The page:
The ultimate stress test was placed on UK IT infrastructures as a temperature of 40.3°C was reached in July 2022. Data centre operators fought to ensure that cooling functionalities could deal with the challenge to prevent any connectivity outages and service disruptions.
By tradition, many legacy data centres were not designed to manage temperatures, and therefore, struggled to deal with the heat. Keeping close control over the ambient temperature inside the halls of a data centre is a challenge, with even incremental temperatures outside of the building threatening success.
It’s a problem that’s likely to persist in the coming years. In fact, the Royal Meteorological Society states that 40°C temperatures in the summer months will soon become commonplace. It places urgency on operators to prepare their sites as extreme temperatures become the norm. Therefore, what lessons can they learn from the situation last year and what are the actions they can take to deal with the heat in future?
Futureproofing older buildings
Preparing for extreme weather events equates to having the correct processes, procedures and the right infrastructure underpinning them to ensure resilience. Modern data centres are designed to withstand temperatures of around 44°C, but for older ones which were designed for temperatures up to 35-38°C, it’s certainly a challenge to retrospectively fit and prepare them for extreme heat.
It’s not just high temperatures that need to be considered either; events like Sudden Stratospheric Warmings (SSWs), which can cause cold conditions in winter, are also being affected by climate change. The industry needs to be prepared for these colder temperatures in winter too, all the while meeting ESG and sustainability targets.
Making use of hot and cold aisle containment, high temperature liquid cooling systems, low power servers and reusing waste heat are all tools that can help prepare vulnerable buildings in the coming years. Many of these systems also have a dual purpose in making the building more energy efficient. For example, liquid used for immersion cooling is a more efficient conductor of heat than air.
Maintenance and servicing all year round
With the correct infrastructure as the foundation, processes and procedures are the next step. Here it’s about planning the holistic year-round servicing, maintenance and testing cycle with the changing seasons in mind.
In advance of the summer and the subsequent winter season, data centres need to be prepared for the strain ahead. For example, it’s essential that cooling units are in peak condition ahead of summer, whereas some of the cooling equipment can be turned down in winter to ensure energy efficiency.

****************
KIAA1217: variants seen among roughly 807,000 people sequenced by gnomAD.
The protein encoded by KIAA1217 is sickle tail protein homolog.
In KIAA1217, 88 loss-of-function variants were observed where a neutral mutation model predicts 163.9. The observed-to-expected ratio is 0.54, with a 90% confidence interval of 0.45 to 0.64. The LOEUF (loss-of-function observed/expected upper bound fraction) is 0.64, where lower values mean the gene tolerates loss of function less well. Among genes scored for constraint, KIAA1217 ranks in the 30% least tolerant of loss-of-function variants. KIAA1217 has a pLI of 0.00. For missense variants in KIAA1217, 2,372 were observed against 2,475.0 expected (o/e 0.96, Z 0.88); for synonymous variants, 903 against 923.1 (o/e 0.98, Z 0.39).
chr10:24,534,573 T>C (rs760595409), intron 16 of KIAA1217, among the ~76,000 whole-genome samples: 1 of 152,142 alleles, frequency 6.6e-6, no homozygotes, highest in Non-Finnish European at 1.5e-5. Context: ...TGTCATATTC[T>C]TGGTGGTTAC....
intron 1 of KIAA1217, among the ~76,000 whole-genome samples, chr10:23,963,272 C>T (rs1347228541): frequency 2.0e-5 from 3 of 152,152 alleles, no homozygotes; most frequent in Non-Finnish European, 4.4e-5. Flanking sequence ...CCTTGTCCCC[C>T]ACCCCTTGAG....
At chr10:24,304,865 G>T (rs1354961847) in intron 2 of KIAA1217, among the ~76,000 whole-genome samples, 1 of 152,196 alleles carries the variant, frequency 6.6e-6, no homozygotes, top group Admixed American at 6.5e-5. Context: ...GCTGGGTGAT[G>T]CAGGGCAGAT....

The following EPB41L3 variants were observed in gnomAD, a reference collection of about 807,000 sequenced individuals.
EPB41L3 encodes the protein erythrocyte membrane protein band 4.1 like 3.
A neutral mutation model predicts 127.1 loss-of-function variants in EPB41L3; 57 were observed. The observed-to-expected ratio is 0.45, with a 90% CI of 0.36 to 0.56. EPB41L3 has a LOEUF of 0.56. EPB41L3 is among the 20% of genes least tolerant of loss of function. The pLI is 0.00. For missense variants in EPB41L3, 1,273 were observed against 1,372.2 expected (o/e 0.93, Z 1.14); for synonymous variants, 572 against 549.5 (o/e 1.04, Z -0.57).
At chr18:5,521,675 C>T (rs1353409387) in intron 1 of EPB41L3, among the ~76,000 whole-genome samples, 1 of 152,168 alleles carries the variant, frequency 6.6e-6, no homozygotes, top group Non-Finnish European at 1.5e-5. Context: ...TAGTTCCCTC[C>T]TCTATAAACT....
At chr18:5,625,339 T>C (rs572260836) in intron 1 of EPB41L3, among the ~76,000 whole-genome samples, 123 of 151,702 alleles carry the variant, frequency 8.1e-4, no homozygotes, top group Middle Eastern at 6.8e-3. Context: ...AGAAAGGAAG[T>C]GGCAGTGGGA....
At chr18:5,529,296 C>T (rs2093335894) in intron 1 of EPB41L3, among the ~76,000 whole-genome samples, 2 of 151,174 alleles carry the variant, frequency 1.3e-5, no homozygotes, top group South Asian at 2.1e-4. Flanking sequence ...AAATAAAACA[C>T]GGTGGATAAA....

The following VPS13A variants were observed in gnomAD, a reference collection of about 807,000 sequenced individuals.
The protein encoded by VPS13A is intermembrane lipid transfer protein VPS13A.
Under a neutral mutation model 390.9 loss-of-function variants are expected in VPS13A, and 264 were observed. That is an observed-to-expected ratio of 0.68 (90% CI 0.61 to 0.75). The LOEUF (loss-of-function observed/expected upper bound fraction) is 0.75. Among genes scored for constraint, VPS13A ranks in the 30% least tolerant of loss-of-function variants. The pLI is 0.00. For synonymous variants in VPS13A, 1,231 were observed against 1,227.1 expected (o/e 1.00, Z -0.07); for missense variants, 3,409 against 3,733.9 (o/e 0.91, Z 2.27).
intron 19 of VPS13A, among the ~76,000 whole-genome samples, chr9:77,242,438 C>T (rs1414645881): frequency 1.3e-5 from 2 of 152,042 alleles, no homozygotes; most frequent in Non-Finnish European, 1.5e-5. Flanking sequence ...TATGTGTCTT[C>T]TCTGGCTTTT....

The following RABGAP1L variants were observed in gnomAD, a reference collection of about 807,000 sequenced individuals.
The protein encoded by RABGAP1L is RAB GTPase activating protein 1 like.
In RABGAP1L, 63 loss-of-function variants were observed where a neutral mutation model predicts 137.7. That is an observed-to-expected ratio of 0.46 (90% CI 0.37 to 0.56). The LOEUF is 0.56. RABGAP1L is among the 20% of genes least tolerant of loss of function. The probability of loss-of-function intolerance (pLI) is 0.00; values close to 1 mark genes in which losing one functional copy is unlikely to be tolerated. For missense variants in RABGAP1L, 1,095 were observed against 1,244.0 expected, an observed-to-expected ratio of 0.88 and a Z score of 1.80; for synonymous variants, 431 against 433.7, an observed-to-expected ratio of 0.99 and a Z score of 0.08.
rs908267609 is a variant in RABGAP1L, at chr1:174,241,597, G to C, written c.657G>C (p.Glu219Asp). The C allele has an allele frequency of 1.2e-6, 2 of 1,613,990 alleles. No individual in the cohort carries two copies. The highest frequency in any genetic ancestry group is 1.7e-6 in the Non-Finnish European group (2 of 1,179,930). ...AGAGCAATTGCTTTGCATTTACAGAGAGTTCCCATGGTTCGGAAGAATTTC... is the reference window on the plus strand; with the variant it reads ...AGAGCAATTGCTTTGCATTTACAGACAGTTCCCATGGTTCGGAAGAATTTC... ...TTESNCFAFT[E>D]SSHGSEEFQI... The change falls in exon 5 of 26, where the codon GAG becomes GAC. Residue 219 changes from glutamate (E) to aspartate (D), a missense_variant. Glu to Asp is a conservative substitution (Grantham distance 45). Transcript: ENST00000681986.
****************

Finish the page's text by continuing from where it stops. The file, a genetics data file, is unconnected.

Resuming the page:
As the seasons change, regular services and planned preventative maintenance will need to be factored in. This will not only ensure equipment is prepared for the stresses it faces, but also that major works aren’t required to take place during extreme weather events. It’s often during these events that supply issues can occur, so again, preparedness is key.
All hands on deck
With the correct equipment and a holistic maintenance schedule as the foundation, the third component for peak preparedness is proactivity, especially in the case of emergencies. When extreme temperatures strike, a well-rehearsed plan should be implemented to minimise downtime risk and ensure any issues that do occur can be swiftly resolved.
Where non-essential maintenance is postponed in the event of an emergency, engineers should be positioned in strategic locations around the building to react accordingly. It should not be ‘business as usual unless something breaks’. Instead, these teams can jump on issues as soon as they occur, with each minute saved critical. For example, a reactionary team of engineers should be ready on the roof to fix the cooling systems if needed.
Data centres that offer colocation also provide a number of resources, such as people and skills, to ensure continuity of services. For some pieces of equipment, there may only be a handful of engineers deployed by a manufacturer in a certain geographic location. Larger data centre providers have the size, scale and relationships to ensure priority assistance from these providers in an emergency.
Preparing for the new norm
More extreme temperatures are a certainty as climate change escalates. To deal with these changes and protect the UK’s IT infrastructure, data centres need to be suitably equipped and have the right people in place to respond to any issue.
Little separates success and failure for data centres, where one seemingly small hitch can have huge ramifications on operations. The 2022 heatwave made it clear that preparedness and proactivity are critical to ensuring that success remains a reality and sites can continue to be operational as temperatures rise.